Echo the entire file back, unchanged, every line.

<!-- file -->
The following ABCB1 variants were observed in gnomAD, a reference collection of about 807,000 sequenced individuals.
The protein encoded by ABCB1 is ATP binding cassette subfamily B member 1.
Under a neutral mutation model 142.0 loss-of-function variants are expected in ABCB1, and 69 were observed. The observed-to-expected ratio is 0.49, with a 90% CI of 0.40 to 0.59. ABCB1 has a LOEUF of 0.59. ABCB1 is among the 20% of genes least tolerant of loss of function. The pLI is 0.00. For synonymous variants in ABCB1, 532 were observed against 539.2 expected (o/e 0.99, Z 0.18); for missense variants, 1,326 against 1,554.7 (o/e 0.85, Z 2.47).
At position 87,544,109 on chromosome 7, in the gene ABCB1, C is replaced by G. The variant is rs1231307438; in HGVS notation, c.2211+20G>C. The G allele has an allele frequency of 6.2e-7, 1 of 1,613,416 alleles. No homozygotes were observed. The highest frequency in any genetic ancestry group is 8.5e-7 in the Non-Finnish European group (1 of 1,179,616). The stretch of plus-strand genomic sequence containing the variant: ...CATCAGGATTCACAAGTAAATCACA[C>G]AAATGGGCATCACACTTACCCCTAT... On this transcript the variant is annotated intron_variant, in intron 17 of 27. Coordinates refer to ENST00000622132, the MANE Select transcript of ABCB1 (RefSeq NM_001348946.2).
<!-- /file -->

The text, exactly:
The following ABCB1 variants were observed in gnomAD, a reference collection of about 807,000 sequenced individuals.
The protein encoded by ABCB1 is ATP binding cassette subfamily B member 1.
Under a neutral mutation model 142.0 loss-of-function variants are expected in ABCB1, and 69 were observed. The observed-to-expected ratio is 0.49, with a 90% CI of 0.40 to 0.59. ABCB1 has a LOEUF of 0.59. ABCB1 is among the 20% of genes least tolerant of loss of function. The pLI is 0.00. For synonymous variants in ABCB1, 532 were observed against 539.2 expected (o/e 0.99, Z 0.18); for missense variants, 1,326 against 1,554.7 (o/e 0.85, Z 2.47).
At position 87,544,109 on chromosome 7, in the gene ABCB1, C is replaced by G. The variant is rs1231307438; in HGVS notation, c.2211+20G>C. The G allele has an allele frequency of 6.2e-7, 1 of 1,613,416 alleles. No homozygotes were observed. The highest frequency in any genetic ancestry group is 8.5e-7 in the Non-Finnish European group (1 of 1,179,616). The stretch of plus-strand genomic sequence containing the variant: ...CATCAGGATTCACAAGTAAATCACA[C>G]AAATGGGCATCACACTTACCCCTAT... On this transcript the variant is annotated intron_variant, in intron 17 of 27. Coordinates refer to ENST00000622132, the MANE Select transcript of ABCB1 (RefSeq NM_001348946.2).